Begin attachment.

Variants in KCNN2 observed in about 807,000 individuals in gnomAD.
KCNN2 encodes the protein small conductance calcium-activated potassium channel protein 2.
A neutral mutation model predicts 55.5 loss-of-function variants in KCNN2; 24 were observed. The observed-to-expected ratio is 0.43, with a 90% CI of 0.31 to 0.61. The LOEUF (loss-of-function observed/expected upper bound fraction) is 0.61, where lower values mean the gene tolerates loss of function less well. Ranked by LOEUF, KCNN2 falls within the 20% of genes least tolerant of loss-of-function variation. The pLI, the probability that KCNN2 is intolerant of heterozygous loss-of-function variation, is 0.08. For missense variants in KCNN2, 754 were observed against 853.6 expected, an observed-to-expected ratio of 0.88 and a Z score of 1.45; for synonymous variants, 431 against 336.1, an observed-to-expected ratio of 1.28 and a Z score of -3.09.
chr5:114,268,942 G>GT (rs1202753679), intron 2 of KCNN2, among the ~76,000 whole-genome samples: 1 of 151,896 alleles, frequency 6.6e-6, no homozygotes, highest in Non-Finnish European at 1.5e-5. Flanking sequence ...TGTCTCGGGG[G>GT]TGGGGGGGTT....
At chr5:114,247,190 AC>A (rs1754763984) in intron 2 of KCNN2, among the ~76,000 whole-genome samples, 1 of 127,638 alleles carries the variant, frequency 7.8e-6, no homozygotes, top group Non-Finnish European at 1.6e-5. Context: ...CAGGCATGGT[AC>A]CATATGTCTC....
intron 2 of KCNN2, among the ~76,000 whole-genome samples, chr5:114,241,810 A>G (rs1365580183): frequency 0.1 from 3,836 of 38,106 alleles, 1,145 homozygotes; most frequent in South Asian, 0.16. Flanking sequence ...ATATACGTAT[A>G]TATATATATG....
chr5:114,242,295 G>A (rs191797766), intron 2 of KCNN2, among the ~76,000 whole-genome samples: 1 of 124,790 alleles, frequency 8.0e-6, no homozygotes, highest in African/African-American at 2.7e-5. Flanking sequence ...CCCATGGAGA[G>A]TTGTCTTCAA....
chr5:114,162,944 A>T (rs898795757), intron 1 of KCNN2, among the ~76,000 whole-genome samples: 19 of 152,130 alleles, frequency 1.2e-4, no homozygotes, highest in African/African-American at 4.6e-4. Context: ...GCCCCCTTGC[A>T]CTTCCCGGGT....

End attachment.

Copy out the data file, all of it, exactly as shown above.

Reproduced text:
Variants in KCNN2 observed in about 807,000 individuals in gnomAD.
KCNN2 encodes the protein small conductance calcium-activated potassium channel protein 2.
A neutral mutation model predicts 55.5 loss-of-function variants in KCNN2; 24 were observed. The observed-to-expected ratio is 0.43, with a 90% CI of 0.31 to 0.61. The LOEUF (loss-of-function observed/expected upper bound fraction) is 0.61, where lower values mean the gene tolerates loss of function less well. Ranked by LOEUF, KCNN2 falls within the 20% of genes least tolerant of loss-of-function variation. The pLI, the probability that KCNN2 is intolerant of heterozygous loss-of-function variation, is 0.08. For missense variants in KCNN2, 754 were observed against 853.6 expected, an observed-to-expected ratio of 0.88 and a Z score of 1.45; for synonymous variants, 431 against 336.1, an observed-to-expected ratio of 1.28 and a Z score of -3.09.
chr5:114,268,942 G>GT (rs1202753679), intron 2 of KCNN2, among the ~76,000 whole-genome samples: 1 of 151,896 alleles, frequency 6.6e-6, no homozygotes, highest in Non-Finnish European at 1.5e-5. Flanking sequence ...TGTCTCGGGG[G>GT]TGGGGGGGTT....
At chr5:114,247,190 AC>A (rs1754763984) in intron 2 of KCNN2, among the ~76,000 whole-genome samples, 1 of 127,638 alleles carries the variant, frequency 7.8e-6, no homozygotes, top group Non-Finnish European at 1.6e-5. Context: ...CAGGCATGGT[AC>A]CATATGTCTC....
intron 2 of KCNN2, among the ~76,000 whole-genome samples, chr5:114,241,810 A>G (rs1365580183): frequency 0.1 from 3,836 of 38,106 alleles, 1,145 homozygotes; most frequent in South Asian, 0.16. Flanking sequence ...ATATACGTAT[A>G]TATATATATG....
chr5:114,242,295 G>A (rs191797766), intron 2 of KCNN2, among the ~76,000 whole-genome samples: 1 of 124,790 alleles, frequency 8.0e-6, no homozygotes, highest in African/African-American at 2.7e-5. Flanking sequence ...CCCATGGAGA[G>A]TTGTCTTCAA....
chr5:114,162,944 A>T (rs898795757), intron 1 of KCNN2, among the ~76,000 whole-genome samples: 19 of 152,130 alleles, frequency 1.2e-4, no homozygotes, highest in African/African-American at 4.6e-4. Context: ...GCCCCCTTGC[A>T]CTTCCCGGGT....